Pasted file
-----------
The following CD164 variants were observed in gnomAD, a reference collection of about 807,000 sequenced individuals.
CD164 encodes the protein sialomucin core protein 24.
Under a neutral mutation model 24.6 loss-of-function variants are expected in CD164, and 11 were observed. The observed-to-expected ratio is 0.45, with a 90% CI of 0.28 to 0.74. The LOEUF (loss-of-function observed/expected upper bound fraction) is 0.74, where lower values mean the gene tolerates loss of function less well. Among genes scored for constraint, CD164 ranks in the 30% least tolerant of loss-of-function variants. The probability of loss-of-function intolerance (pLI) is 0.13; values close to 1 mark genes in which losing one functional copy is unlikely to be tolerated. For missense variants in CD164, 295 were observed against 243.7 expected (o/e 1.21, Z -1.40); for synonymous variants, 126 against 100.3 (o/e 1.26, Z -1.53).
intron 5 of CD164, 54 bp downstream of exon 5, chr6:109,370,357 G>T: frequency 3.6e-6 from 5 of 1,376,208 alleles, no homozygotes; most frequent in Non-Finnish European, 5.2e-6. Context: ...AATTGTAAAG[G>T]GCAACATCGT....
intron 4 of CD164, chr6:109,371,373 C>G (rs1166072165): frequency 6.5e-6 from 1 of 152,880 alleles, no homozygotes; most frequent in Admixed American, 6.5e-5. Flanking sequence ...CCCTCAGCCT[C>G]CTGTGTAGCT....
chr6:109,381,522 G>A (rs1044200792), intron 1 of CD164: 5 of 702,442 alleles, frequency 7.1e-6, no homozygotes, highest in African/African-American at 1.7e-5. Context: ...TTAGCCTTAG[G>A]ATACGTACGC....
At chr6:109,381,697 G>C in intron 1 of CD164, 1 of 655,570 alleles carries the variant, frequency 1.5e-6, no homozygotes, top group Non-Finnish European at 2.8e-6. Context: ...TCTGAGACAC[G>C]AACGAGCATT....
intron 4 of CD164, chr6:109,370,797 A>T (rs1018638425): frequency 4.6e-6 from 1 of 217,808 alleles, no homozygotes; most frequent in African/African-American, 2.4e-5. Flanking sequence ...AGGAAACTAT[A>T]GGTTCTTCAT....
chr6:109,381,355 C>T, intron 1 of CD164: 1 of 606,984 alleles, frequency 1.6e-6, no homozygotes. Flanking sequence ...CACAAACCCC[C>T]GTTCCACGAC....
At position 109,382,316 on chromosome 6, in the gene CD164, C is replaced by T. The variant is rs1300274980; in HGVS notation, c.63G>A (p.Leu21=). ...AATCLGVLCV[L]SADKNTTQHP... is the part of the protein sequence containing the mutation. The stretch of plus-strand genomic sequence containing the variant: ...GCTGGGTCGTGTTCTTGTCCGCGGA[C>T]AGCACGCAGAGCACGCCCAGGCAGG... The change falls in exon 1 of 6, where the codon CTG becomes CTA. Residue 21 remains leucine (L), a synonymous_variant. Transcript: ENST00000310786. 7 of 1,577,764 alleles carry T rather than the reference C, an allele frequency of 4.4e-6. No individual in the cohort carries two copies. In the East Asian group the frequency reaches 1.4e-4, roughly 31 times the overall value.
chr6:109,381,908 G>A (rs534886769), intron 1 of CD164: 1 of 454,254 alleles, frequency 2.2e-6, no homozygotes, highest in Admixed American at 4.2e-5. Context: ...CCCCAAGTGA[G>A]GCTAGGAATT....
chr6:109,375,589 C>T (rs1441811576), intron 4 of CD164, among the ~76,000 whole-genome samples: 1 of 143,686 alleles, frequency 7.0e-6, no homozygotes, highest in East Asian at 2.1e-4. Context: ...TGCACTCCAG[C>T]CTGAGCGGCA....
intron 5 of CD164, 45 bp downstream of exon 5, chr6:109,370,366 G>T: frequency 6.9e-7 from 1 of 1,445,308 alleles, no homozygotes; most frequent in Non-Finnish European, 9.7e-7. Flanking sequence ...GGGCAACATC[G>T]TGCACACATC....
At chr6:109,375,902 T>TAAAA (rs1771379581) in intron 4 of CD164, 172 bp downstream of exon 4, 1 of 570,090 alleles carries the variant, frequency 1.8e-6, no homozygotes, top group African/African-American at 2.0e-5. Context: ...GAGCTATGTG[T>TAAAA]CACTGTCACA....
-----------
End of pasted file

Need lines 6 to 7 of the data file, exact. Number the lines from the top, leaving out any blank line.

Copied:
chr6:109,381,522 G>A (rs1044200792), intron 1 of CD164: 5 of 702,442 alleles, frequency 7.1e-6, no homozygotes, highest in African/African-American at 1.7e-5. Context: ...TTAGCCTTAG[G>A]ATACGTACGC....
At chr6:109,381,697 G>C in intron 1 of CD164, 1 of 655,570 alleles carries the variant, frequency 1.5e-6, no homozygotes, top group Non-Finnish European at 2.8e-6. Context: ...TCTGAGACAC[G>C]AACGAGCATT....